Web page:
Another police officer tries to use copyrighted music to prevent an activist from filming it on February 25, 2021. (Screenshot: Angel / YouTube)
Law enforcement in Illinois appears to be copying Beverly Hills’ “copyright piracy” cops, this time with country music.
In several cases over the past two months, an activist has caught Beverly Hills police playing copyrighted music such as Sublime’s “Santeria.” and the “Yesterday” by the Beatles out loud on their phones in an apparent attempt to activate copyright filters and prevent the video from being streamed live on Instagram.
Now, it looks like the trend is catching on elsewhere.
On Feb. 25, an activist running a YouTube account called Accountability Angel entered the LaSalle County Sheriff’s Office in Ottawa, Illinois, or at least tried to.
The activist, who has been asked to refer only to his first name, Angel, was there to leave the complaint forms, alleging misconduct by several officials.
In the video, we can see Angel being told at the front desk that he is not allowed to enter the building with a camera. Angel had previously been in the sheriff’s office and had filmed that visit, so he asked what had changed.
Then, in something that looks like it was ripped straight from the Beverly Hills PD playbook, a man with a Court Security badge came out to play music.
In the video, James Knoblauch, who had been chief of police in nearby Oglesby until he retired (after being removed from office) last year, approaches the camera. Angel asks why he is not allowed to enter the building with his phone.
But instead of answering, Knoblauch silently puts himself in his jacket pocket, pulls out his phone, and begins to slide. Moments later, we hear music playing. Turn up the volume, just in time for us to hear the first varieties of the movie “Nobody But You” by country star Blake Shelton with Gwen Stefani:
I don’t have to leave this city to see the world / because it’s something I have to do
Angel continues to ask questions, but Knoblauch says nothing, instead of picking up the phone for the speaker to dominate the conversation.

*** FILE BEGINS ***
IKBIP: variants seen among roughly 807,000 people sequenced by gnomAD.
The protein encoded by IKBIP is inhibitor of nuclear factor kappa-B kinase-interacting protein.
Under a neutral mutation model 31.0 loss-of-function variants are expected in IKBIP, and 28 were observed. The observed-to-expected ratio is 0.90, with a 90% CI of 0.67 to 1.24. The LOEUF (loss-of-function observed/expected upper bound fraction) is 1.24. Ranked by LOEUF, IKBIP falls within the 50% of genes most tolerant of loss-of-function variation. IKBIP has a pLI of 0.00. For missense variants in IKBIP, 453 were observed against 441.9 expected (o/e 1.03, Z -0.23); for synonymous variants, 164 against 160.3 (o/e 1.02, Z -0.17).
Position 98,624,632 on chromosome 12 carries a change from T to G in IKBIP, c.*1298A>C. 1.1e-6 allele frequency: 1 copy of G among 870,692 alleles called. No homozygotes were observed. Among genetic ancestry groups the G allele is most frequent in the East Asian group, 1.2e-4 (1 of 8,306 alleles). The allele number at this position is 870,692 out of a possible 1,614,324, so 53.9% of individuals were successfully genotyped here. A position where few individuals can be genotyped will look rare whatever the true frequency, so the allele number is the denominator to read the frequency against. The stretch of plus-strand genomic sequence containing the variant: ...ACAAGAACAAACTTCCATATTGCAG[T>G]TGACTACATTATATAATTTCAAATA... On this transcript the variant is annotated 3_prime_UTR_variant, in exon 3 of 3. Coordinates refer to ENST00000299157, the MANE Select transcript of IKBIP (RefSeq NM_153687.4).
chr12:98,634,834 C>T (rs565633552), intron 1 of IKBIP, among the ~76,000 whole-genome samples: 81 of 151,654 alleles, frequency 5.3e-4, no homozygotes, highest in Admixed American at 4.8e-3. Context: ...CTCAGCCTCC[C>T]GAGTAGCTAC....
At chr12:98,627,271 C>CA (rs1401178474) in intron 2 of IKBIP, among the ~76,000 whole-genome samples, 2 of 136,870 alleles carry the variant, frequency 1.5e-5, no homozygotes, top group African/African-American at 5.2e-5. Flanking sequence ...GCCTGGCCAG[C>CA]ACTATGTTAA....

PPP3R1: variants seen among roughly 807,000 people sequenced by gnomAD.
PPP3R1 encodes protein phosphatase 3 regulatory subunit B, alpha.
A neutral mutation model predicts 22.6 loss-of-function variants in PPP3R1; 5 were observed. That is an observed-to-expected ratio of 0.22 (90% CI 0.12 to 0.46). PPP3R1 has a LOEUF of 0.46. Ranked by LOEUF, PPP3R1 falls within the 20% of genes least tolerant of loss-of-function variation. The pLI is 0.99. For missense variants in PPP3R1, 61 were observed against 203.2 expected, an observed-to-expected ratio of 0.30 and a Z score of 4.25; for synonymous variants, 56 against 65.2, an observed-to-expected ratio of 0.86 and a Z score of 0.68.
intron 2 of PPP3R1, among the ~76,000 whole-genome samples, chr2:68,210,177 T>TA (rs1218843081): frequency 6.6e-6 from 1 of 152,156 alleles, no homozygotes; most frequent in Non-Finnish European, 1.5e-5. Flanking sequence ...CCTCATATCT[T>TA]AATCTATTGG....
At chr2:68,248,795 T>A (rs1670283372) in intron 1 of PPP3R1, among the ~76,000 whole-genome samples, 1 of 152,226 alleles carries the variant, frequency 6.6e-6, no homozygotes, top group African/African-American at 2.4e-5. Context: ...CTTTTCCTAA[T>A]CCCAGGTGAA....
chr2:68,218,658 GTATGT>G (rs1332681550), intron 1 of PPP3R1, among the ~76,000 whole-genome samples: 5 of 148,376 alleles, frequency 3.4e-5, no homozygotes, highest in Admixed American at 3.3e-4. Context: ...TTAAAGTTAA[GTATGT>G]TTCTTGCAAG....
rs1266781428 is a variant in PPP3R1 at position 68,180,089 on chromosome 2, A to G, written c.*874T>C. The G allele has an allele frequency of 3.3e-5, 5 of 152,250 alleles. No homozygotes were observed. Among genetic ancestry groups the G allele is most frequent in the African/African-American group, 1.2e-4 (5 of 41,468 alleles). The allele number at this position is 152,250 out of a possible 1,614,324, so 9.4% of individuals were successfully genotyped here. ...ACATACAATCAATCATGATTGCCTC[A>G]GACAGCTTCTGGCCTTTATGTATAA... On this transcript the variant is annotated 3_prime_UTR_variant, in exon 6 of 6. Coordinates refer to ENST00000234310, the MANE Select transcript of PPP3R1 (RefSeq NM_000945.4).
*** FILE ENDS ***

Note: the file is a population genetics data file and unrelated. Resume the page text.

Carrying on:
Finally, Angel realizes what’s going on and accuses Knoblauch of trying to use music to provoke a copyright filter so he can’t post his video on YouTube.
“Oh guys, you know what they do, they’re trying to get me off YouTube for the copyright issue,” Angel says. Then talk to Knoblauch, “What are you doing, Jim?” she asks. “Are you trying to stop my journalism?”
Knoblauch does not answer his question directly. Finally, Knoblauch talks to her, offering to take Angel’s forms, but the interaction goes nowhere, with the activist audibly frustrated, saying she wants to be allowed inside to hand in her complaint forms.
Meanwhile, Blake Shelton and Gwen Stefani, a country ode to lovers, present themselves in full. Knoblauch then performs “Like You Never Have It” on the Florida Georgia Line. Angel keeps asking to be let into the office. Knoblauch just stands there, silently staring into space as his heart plays:
I’ll make you call your friends / Say you’ve never been / Skin to skin with a man like this …
Aside from the taste for music, there are some details that differentiate the Illinois County Sheriff’s Office from the case with the Beverly Hills PD: the fact that Angel didn’t broadcast live and uses YouTube.
In the case of the Beverly Hills PD, activist Sennett Devermont aired live on Instagram. This meant that if song officers were reproducing the music detection algorithm, the live stream could be silenced or terminated directly, meaning the images could simply be lost. Similarly, if Instagram’s algorithm detects music in a posted video, the post runs the risk of being deleted directly by Instagram.
YouTube, however, can be a little more forgiving. First, because Angel doesn’t broadcast live, but posts his videos after the fact, he might have a chance to edit parts that contain music (though that would mean silencing or completely cutting off all interaction with Knoblauch). Also, when the YouTube platform detects copyrighted music in a video, it doesn’t always delete the video, even though this has happened. Often, you simply place ads on the content and share the revenue with the copyright holders of the song.
That is, if this is another attempt to block a video, the strategy doesn’t work in the small town of Illinois better than in Beverly Hills. Devermont’s videos are still up to date and so are Angel’s.
Results aside, this is the first time a video like this has appeared somewhere outside of California, suggesting that Beverly Hills PD isn’t the only law enforcement agency that may be starting to experiment with “piracy” of rights filters. author to reduce the First Amendment the rights of civilians to openly film the police.
The Lasalle County Sheriff’s Office did not respond to VICE News ’requests for clarification as to whether playing music while questioned on video was an official policy.